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Guests at N.U.S. event up for a treat

Guests who attend a student-driven “Clean Hands Saves Lives” campaign at the National University of Samoa on Friday are in for a treat.

They will be treated to vegan wraps made with roasted chickpeas or red kidney beans as well as handcrafted Koko-Samoa smoothies, which are among a range of nutritious “fast” foods offered by the Tiapapata Art Centre.

The centre has gone into a partnership with the Food and Agriculture Organisation of the United Nations [F.A.O.]. 

“When we decided to partner with the Food and Agriculture Organisation of the United Nations in the area of diet and nutrition, the primary goal was to make fast foods healthier, albeit only slightly with the addition of vegetables to their offerings,” says Wendy Percival from the centre.


“But we also planned on beginning a sea change to the kinds of foods offered to students and staff at the NUS.”

According to a statement issued by the centre, the project started working with the fast food vendors at the Savalalo Flea Market, where the most popular Samoan fare is deep-fried pork buns, which is also known as keke pua‘a [these days they are mostly made with chicken or mutton].

Two introductory seminars have been conducted with the vendors, the first including a presentation by METI Trainer Fagalima M. Fa’asoi, and the second with Christina Soti-Ulberg, the Chief Nutritionist with the Ministry of Health [M.O.H.]. 


Eriko Hibi, the F.A.O. Subregional Coordinator for the Pacific Islands, also contributed to the success of these seminars. 

The centre says that the project is premised on the understanding that without inspiring change in a socially and culturally sensitive food environment, education alone is unlikely to result in lasting dietary behaviour in Samoa, where Samoans have experienced radical and seemingly irreversible change from the traditional diet.

Galumalemana Steven Percival, the Project Manager and local filmmaker who plans to tell this story in a new documentary film, said in the statement that the vendors who participated in the project appeared keen.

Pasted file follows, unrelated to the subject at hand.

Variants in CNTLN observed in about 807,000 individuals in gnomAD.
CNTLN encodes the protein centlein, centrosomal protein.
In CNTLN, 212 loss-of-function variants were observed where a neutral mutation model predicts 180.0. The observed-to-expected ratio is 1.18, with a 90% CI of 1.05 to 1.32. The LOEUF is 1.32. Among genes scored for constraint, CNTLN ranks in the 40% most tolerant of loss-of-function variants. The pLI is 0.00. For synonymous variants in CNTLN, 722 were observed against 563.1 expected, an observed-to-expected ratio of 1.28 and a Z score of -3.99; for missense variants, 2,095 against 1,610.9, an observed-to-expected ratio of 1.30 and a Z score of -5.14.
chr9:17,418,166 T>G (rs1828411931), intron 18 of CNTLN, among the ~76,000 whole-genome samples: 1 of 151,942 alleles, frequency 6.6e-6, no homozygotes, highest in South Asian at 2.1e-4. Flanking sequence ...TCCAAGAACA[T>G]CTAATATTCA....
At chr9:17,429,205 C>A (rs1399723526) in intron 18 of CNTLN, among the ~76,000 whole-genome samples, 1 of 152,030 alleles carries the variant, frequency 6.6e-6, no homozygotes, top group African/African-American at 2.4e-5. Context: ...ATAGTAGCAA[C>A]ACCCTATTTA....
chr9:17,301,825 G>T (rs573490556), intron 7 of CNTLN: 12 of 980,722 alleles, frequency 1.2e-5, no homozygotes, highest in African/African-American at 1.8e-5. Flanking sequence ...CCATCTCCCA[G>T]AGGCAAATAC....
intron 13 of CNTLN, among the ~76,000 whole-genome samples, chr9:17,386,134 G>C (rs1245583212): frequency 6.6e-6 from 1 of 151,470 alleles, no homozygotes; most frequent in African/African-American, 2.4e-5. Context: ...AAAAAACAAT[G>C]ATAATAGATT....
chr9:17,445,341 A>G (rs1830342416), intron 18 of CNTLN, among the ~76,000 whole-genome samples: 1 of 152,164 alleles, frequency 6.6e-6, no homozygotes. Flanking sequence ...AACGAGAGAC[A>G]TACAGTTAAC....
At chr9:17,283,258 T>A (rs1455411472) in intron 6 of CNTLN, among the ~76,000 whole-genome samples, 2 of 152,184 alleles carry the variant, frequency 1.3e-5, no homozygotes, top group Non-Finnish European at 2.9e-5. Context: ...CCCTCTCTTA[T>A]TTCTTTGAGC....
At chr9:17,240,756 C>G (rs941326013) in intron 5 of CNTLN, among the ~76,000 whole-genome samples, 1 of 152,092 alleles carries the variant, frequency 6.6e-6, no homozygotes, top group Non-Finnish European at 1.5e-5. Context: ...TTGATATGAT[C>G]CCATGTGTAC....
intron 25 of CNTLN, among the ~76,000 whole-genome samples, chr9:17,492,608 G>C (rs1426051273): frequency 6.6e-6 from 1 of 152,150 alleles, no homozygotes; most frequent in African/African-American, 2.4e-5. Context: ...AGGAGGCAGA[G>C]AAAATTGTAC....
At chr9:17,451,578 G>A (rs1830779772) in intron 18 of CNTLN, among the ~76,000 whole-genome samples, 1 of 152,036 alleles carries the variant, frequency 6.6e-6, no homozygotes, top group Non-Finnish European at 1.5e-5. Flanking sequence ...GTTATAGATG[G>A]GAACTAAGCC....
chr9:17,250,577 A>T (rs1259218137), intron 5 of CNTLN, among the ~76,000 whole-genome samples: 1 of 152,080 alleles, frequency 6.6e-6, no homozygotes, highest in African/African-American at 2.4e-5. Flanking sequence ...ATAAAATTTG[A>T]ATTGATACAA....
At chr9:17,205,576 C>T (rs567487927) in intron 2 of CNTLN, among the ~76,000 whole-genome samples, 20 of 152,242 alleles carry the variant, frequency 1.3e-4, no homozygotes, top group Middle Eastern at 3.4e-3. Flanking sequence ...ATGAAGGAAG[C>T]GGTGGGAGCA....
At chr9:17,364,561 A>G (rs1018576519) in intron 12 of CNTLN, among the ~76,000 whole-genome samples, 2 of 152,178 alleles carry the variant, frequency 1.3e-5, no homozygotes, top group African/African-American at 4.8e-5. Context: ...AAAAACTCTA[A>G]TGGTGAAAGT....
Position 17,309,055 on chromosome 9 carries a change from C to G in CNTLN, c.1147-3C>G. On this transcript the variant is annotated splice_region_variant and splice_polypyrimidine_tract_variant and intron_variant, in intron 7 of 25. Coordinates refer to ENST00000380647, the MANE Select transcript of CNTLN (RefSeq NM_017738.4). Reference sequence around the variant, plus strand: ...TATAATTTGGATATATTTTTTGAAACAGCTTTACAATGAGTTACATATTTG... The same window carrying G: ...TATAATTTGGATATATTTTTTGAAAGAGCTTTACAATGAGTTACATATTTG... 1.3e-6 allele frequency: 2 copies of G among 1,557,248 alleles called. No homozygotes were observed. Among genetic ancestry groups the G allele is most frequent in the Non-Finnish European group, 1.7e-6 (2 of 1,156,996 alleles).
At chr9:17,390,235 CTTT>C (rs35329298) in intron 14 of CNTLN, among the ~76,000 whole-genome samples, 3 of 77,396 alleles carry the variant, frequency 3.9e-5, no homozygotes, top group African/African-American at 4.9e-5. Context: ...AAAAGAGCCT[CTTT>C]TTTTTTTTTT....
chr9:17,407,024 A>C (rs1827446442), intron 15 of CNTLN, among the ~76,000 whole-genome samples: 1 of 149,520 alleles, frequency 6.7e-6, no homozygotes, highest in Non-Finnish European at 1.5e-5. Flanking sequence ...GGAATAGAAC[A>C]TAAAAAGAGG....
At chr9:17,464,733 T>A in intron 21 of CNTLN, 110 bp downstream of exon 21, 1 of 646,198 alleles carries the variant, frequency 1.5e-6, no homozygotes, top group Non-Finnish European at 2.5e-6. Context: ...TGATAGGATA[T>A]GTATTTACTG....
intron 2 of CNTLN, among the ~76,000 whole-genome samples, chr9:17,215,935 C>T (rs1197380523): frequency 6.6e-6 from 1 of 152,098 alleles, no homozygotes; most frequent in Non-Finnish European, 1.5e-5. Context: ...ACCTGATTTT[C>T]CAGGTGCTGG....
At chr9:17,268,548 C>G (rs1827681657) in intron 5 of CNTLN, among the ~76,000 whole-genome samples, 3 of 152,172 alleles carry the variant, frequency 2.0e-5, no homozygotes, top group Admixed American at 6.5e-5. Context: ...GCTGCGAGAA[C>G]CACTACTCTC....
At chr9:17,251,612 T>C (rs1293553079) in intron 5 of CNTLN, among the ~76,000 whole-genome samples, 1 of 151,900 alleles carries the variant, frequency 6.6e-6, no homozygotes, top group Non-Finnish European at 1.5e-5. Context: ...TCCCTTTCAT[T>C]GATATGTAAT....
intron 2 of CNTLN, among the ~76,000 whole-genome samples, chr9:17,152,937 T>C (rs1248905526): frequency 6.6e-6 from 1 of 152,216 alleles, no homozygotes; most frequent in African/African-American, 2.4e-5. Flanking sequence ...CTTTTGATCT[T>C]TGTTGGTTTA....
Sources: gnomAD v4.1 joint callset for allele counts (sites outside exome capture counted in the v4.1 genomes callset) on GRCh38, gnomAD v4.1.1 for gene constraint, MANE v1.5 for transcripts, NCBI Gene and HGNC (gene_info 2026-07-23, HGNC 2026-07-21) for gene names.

“One of the steps we have taken with the vendors has been to supply them with vegetables that they can add to the keke pua‘a. Consumer reaction has been mixed but the key factor has been a demonstrated readiness on the part of the vendors to explore this change to a product has always been filled only with meat and lots of soy sauce,” he said.


“Strong support at the Savalalo Flea Market by Samoa Land Corporation [S.L.C.] Team Leader Alo Tupa‘i is also critical for the success of the project.”

The centre added that the food choices at the NUS are often high in saturated fat and sodium and contain few locally available vegetables. 

Serving unhealthy foods is contributing to a health crisis of alarming proportions but of equal concern for students and faculty is the adverse effects poor nutrition can have on learning. 

“We are pleased to have been invited by the N.U.S. to cater for the launch of their “Clean Hands Saves Lives” campaign as university students are important agents of change for the betterment of society,” added Galumalemana.

The N.U.S. student-led campaign will start at 11am Friday, July 17 and will be held at the foyer – Aoa Building [1A] on campus.

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